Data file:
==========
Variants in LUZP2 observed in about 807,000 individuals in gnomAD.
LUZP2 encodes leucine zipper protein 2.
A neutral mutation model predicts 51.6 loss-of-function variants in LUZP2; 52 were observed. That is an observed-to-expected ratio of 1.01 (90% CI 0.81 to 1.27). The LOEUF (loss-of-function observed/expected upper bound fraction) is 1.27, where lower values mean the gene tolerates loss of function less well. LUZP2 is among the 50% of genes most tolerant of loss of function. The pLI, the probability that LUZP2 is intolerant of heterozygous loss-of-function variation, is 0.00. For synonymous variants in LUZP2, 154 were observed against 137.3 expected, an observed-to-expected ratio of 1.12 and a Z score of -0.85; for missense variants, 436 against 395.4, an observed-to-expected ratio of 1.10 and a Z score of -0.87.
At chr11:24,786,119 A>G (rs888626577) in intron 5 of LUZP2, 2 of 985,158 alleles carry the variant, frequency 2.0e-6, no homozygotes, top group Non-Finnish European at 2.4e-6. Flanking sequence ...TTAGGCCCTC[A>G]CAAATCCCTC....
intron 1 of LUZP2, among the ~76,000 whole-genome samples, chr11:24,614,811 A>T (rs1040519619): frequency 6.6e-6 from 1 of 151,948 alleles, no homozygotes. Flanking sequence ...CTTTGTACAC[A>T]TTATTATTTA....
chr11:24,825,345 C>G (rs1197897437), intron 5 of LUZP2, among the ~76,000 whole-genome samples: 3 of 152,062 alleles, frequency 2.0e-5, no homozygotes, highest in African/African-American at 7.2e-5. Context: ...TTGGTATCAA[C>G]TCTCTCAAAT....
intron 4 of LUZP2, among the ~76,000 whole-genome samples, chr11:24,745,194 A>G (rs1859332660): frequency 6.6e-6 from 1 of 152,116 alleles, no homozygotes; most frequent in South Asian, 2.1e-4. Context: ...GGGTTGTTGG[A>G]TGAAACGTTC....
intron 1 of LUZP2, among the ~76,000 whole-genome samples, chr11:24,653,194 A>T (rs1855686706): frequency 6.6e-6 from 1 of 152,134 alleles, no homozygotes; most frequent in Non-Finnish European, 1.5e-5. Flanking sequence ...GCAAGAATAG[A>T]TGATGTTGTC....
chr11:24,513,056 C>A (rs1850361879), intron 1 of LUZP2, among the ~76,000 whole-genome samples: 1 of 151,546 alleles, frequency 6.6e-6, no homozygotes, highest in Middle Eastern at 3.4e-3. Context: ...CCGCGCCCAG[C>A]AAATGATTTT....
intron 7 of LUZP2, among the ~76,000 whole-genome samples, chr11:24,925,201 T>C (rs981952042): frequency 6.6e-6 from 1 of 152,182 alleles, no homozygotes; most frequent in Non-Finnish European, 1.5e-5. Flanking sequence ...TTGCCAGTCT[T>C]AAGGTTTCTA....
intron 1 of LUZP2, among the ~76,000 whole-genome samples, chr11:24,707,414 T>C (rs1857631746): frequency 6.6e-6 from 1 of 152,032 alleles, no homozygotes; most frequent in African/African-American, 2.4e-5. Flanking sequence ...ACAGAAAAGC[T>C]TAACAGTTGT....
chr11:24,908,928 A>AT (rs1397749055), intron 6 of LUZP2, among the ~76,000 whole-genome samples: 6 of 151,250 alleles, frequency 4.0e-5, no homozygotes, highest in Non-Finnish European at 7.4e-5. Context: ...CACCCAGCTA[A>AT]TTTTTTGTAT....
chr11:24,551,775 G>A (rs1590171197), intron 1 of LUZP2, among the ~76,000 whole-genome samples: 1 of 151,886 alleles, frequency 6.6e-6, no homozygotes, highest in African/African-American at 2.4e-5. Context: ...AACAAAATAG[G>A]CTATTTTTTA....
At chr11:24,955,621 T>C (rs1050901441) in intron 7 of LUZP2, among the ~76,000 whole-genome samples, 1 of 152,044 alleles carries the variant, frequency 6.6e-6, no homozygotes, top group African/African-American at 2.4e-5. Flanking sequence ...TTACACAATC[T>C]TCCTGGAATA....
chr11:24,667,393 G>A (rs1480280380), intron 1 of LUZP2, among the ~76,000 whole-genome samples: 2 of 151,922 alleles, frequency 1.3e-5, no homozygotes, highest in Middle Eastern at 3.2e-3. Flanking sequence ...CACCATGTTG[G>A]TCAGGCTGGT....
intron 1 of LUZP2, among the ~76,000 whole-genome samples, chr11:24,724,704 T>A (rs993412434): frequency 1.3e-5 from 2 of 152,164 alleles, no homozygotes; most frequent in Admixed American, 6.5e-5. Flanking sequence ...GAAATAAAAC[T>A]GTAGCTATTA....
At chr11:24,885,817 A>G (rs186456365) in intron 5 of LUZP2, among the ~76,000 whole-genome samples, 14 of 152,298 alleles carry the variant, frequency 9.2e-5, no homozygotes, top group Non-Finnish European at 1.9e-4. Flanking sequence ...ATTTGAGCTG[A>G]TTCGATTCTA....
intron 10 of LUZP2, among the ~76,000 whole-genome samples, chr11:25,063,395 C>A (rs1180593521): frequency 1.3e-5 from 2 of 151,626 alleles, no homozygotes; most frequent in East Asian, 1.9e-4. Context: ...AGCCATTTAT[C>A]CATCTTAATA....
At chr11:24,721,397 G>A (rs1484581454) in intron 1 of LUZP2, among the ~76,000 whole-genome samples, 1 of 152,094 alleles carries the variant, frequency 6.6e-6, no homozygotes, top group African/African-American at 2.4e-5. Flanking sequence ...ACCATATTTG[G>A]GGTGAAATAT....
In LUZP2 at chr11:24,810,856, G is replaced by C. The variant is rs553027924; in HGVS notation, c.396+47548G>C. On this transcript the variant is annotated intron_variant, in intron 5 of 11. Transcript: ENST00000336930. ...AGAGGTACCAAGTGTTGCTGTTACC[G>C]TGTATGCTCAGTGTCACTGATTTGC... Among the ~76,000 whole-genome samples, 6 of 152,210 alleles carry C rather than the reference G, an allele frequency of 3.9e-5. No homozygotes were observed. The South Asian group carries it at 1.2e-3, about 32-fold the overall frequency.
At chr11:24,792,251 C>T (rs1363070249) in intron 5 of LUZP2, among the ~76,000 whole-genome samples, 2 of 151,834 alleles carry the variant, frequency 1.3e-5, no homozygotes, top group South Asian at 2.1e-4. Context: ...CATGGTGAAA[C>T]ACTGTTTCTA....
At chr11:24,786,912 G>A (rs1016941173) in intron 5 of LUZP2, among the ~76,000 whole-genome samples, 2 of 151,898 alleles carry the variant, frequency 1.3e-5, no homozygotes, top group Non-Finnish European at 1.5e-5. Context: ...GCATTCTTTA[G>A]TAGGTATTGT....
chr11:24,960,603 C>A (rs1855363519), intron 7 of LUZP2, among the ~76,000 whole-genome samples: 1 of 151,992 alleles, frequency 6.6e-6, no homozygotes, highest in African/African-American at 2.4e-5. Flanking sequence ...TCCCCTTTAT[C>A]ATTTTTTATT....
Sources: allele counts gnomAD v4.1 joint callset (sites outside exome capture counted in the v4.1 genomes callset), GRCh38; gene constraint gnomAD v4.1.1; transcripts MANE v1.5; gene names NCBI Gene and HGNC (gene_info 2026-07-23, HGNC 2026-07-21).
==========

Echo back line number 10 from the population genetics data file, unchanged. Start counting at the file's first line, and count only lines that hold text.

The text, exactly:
intron 7 of LUZP2, among the ~76,000 whole-genome samples, chr11:24,925,201 T>C (rs981952042): frequency 6.6e-6 from 1 of 152,182 alleles, no homozygotes; most frequent in Non-Finnish European, 1.5e-5. Flanking sequence ...TTGCCAGTCT[T>C]AAGGTTTCTA....